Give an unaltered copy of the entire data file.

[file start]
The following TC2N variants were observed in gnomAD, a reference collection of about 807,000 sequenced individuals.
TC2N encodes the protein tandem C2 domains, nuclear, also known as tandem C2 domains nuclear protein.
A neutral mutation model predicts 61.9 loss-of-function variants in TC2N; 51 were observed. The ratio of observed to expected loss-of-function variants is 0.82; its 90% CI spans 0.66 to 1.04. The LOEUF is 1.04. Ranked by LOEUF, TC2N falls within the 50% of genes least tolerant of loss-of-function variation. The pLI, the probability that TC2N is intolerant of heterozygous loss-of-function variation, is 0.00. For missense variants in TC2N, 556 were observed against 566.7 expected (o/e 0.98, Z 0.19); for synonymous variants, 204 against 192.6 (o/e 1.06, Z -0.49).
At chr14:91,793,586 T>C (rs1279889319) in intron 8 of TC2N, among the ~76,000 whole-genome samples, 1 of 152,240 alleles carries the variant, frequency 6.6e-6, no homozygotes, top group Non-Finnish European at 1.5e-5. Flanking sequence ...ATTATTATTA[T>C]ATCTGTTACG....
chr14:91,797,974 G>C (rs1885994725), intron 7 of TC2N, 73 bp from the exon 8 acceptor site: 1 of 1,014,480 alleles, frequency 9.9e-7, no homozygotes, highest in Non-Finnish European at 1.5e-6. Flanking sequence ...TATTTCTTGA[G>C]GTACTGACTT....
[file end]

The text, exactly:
The following TC2N variants were observed in gnomAD, a reference collection of about 807,000 sequenced individuals.
TC2N encodes the protein tandem C2 domains, nuclear, also known as tandem C2 domains nuclear protein.
A neutral mutation model predicts 61.9 loss-of-function variants in TC2N; 51 were observed. The ratio of observed to expected loss-of-function variants is 0.82; its 90% CI spans 0.66 to 1.04. The LOEUF is 1.04. Ranked by LOEUF, TC2N falls within the 50% of genes least tolerant of loss-of-function variation. The pLI, the probability that TC2N is intolerant of heterozygous loss-of-function variation, is 0.00. For missense variants in TC2N, 556 were observed against 566.7 expected (o/e 0.98, Z 0.19); for synonymous variants, 204 against 192.6 (o/e 1.06, Z -0.49).
At chr14:91,793,586 T>C (rs1279889319) in intron 8 of TC2N, among the ~76,000 whole-genome samples, 1 of 152,240 alleles carries the variant, frequency 6.6e-6, no homozygotes, top group Non-Finnish European at 1.5e-5. Flanking sequence ...ATTATTATTA[T>C]ATCTGTTACG....
chr14:91,797,974 G>C (rs1885994725), intron 7 of TC2N, 73 bp from the exon 8 acceptor site: 1 of 1,014,480 alleles, frequency 9.9e-7, no homozygotes, highest in Non-Finnish European at 1.5e-6. Flanking sequence ...TATTTCTTGA[G>C]GTACTGACTT....